The key thing to understand about this operation is that while the shop-front (through the web) might be different, the back end is exactly the same as other insurers, with a well established underwriter (AIG) and claims being handled by the same loss adjuster agents as other insurance companies.  For many customers with straightforward requirements the automated purchase, only through the website, will be quick and easy.  The saved selling costs can be shared between the customer in reduced premiums and Visicover as profit.  For people with less straightforward requirements, Visicover may not be for them and they will need to talk to a traditional broker.

After describing the company start-up, Bob talked about general insurance issues including:

  • ‘Combined single limit’ vs. ‘split liability limit’.  If you ever give a ride to a ‘high net worth individual’ check what sort of liability you have – your relatives may thank you.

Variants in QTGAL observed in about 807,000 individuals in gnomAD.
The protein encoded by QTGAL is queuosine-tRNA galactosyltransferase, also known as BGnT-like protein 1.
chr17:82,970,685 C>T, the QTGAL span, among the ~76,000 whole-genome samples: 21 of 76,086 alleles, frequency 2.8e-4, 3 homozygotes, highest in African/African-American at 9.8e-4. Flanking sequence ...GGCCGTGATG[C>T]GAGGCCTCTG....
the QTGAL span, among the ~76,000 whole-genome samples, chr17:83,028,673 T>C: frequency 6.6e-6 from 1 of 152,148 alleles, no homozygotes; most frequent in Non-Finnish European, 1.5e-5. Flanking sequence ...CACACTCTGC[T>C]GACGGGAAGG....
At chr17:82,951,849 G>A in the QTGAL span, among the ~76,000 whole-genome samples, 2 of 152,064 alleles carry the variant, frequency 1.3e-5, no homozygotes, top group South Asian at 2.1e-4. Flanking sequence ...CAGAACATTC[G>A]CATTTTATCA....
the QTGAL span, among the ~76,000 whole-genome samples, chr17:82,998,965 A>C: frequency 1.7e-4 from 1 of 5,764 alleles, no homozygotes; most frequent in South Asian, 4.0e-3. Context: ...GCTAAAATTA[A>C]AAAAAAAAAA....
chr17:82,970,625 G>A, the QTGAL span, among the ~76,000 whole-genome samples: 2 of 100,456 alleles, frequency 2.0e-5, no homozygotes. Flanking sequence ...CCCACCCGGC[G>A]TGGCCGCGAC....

• Upping your excess will make a significant difference to your premium; insurance companies really don’t like small claims as their overheads are disproportionate.
  • Including ‘betterment’ in your cover is likely to be an extremely good idea.

He finished of with a brief look over the horizon.  Things likely to effect the light aviation insurance industry include; deregulation, use of exotic construction materials, the impact of UAV’s (no pun intended…), and the potential benefits of EU harmonisation.

Visit Visicover at


For a list of the currently planned events look under the menu above or click this link: Events

Next Strut meeting: Wednesday 7th May, Swiss Cottage pub, beer ‘n chat.